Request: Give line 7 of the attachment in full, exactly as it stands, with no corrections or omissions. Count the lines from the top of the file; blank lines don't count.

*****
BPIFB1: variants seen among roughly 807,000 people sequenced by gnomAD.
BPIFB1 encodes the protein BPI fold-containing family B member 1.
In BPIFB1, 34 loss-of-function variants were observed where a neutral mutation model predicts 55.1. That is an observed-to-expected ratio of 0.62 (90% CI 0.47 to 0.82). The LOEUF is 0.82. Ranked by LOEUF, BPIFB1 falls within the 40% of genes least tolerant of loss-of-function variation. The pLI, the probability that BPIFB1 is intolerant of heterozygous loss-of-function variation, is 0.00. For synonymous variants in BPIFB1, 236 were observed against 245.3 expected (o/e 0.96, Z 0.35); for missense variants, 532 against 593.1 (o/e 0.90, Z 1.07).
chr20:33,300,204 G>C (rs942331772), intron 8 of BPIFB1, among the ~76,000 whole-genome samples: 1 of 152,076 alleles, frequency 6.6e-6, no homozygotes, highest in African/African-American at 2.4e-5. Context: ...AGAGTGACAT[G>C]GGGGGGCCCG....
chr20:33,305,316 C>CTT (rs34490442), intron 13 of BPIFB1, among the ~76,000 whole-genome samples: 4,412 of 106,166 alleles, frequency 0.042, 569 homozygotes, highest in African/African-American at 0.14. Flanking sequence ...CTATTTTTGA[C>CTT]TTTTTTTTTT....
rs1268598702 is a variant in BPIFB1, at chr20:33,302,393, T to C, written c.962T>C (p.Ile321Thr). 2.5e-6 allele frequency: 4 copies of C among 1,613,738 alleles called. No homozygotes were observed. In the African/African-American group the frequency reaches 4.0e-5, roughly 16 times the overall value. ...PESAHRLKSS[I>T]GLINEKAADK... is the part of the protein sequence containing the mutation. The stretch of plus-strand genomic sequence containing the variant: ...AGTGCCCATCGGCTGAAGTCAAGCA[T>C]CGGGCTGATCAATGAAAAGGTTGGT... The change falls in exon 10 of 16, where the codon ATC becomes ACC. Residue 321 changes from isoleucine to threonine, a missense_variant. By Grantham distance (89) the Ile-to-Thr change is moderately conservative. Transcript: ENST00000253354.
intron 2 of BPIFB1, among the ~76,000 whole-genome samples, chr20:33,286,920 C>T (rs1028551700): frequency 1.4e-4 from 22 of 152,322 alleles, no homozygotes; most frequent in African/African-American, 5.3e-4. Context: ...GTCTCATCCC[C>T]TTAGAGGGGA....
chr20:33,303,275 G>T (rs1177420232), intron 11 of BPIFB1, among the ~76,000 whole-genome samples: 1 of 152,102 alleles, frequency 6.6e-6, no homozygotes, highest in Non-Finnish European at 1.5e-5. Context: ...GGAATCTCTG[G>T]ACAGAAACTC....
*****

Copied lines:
intron 2 of BPIFB1, among the ~76,000 whole-genome samples, chr20:33,286,920 C>T (rs1028551700): frequency 1.4e-4 from 22 of 152,322 alleles, no homozygotes; most frequent in African/African-American, 5.3e-4. Context: ...GTCTCATCCC[C>T]TTAGAGGGGA....